New life for old socks
These uses for old socks will finally give those lonely orphan socks that you’ve been accumulating for years a purpose.
Use it to hold your jewellery when you travel. The sock will provide cushioning and it will also (hopefully) deter thieves.
Use spare socks when you need to pack breakables like glasses or vases or use them as padding in boxes.
The next time you garden, put sock cuffs over your knees to protect your clothes and provide a bit of padding.
They’re also great for storing breakable Christmas ornaments.
Keep wrapping paper in place
Another holiday tip: Cut off the cuff part of the sock and put it on wrapping paper rolls so the paper won’t slide off.
You can use the cuff part to wrangle and contain loose electrical cords.
Guide your plants
Cut a sock into strips to tie your growing plants to stakes.
Protect from paint
When painting, slide larger socks over your sneakers and shoes to shield them from splatter.
Stop the squeaks
Place a sock in your bed frame to stop squeaks.
Prevent floor scratches
When moving furniture at home, put socks on the feet of your chair or table legs to prevent scratching the floors.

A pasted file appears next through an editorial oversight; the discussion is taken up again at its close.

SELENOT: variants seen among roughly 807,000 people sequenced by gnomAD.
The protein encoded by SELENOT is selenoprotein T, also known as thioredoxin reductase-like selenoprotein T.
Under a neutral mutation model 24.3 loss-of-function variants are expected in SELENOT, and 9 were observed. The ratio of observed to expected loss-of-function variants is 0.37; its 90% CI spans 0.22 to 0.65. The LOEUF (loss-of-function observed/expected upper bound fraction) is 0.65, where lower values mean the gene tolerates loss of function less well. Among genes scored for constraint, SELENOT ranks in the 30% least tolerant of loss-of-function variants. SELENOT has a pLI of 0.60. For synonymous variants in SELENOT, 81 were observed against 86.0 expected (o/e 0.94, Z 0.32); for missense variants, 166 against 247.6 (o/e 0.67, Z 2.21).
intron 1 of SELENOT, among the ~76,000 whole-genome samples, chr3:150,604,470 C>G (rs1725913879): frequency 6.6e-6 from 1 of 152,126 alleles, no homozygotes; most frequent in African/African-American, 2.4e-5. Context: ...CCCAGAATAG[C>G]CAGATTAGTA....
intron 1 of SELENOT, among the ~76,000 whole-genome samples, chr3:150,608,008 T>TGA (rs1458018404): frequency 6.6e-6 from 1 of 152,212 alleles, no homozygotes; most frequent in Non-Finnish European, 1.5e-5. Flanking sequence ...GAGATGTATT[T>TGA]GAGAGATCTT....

Keep the cold out
Take multiple socks, fill them with a mix of popcorn kernels and quilt/pillow batting, and connect them! Voila: You’ve got a nifty draft stopper to put under the door.
Golf club protection
Use stray socks to cover your golf clubs.
Keep any stray golf, ping pong, and other small balls together in a sock.
Put your wet umbrella in an orphan sock to keep the inside of your car dry.
Stop the fog
Fill socks with silica kitty litter (which is extremely absorbent), and keep them on rear and/or front window ledge to stop windshields from fogging up.
On a hot, sunny day, place a sock over the metal parts of seat belts so they don’t burn people’s skin.
Roll out muscle knots
Place a tennis ball inside a sock, knot it, and use this to roll out knots in your back or legs.
Get rid of cramps